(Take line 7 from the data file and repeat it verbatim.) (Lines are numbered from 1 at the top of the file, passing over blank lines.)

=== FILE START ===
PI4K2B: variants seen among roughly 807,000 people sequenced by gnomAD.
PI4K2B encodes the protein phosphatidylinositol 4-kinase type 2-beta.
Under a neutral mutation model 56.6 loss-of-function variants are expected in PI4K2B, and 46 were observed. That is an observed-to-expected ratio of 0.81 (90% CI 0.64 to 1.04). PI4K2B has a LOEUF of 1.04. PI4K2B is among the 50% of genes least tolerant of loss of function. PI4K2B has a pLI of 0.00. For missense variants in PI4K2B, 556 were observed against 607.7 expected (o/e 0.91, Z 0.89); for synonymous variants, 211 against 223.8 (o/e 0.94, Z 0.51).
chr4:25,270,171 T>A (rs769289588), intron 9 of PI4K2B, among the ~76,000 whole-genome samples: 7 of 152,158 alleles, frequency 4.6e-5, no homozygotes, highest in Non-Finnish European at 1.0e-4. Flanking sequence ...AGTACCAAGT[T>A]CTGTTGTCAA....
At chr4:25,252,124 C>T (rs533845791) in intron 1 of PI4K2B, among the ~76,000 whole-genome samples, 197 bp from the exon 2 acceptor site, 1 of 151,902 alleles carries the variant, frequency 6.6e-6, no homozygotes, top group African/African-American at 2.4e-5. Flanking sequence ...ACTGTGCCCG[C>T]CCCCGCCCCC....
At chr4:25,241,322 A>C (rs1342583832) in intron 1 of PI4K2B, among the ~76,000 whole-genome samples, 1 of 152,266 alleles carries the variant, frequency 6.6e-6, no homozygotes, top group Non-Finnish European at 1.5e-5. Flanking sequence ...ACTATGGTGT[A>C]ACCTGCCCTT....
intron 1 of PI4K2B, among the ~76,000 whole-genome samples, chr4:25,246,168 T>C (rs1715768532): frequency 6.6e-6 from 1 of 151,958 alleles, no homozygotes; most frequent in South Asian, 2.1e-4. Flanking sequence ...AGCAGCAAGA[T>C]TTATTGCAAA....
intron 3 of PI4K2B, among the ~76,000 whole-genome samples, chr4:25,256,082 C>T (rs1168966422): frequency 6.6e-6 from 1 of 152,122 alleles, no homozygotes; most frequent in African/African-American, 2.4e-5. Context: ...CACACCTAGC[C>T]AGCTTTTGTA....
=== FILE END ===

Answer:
intron 1 of PI4K2B, among the ~76,000 whole-genome samples, chr4:25,246,168 T>C (rs1715768532): frequency 6.6e-6 from 1 of 151,958 alleles, no homozygotes; most frequent in South Asian, 2.1e-4. Flanking sequence ...AGCAGCAAGA[T>C]TTATTGCAAA....